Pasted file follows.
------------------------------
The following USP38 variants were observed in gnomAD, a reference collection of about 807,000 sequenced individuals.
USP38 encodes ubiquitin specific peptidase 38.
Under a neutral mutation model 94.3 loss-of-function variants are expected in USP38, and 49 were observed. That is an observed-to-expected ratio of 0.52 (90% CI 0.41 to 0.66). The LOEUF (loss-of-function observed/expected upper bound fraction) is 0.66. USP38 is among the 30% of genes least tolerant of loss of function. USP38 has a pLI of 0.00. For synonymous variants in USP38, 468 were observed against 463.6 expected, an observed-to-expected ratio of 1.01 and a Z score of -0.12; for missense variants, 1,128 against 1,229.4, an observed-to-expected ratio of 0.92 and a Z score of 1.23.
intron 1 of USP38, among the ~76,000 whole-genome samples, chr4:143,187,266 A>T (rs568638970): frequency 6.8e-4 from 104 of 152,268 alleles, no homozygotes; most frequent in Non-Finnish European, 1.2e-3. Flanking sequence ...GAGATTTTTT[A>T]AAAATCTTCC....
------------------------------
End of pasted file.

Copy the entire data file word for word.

The following USP38 variants were observed in gnomAD, a reference collection of about 807,000 sequenced individuals.
USP38 encodes ubiquitin specific peptidase 38.
Under a neutral mutation model 94.3 loss-of-function variants are expected in USP38, and 49 were observed. That is an observed-to-expected ratio of 0.52 (90% CI 0.41 to 0.66). The LOEUF (loss-of-function observed/expected upper bound fraction) is 0.66. USP38 is among the 30% of genes least tolerant of loss of function. USP38 has a pLI of 0.00. For synonymous variants in USP38, 468 were observed against 463.6 expected, an observed-to-expected ratio of 1.01 and a Z score of -0.12; for missense variants, 1,128 against 1,229.4, an observed-to-expected ratio of 0.92 and a Z score of 1.23.
intron 1 of USP38, among the ~76,000 whole-genome samples, chr4:143,187,266 A>T (rs568638970): frequency 6.8e-4 from 104 of 152,268 alleles, no homozygotes; most frequent in Non-Finnish European, 1.2e-3. Flanking sequence ...GAGATTTTTT[A>T]AAAATCTTCC....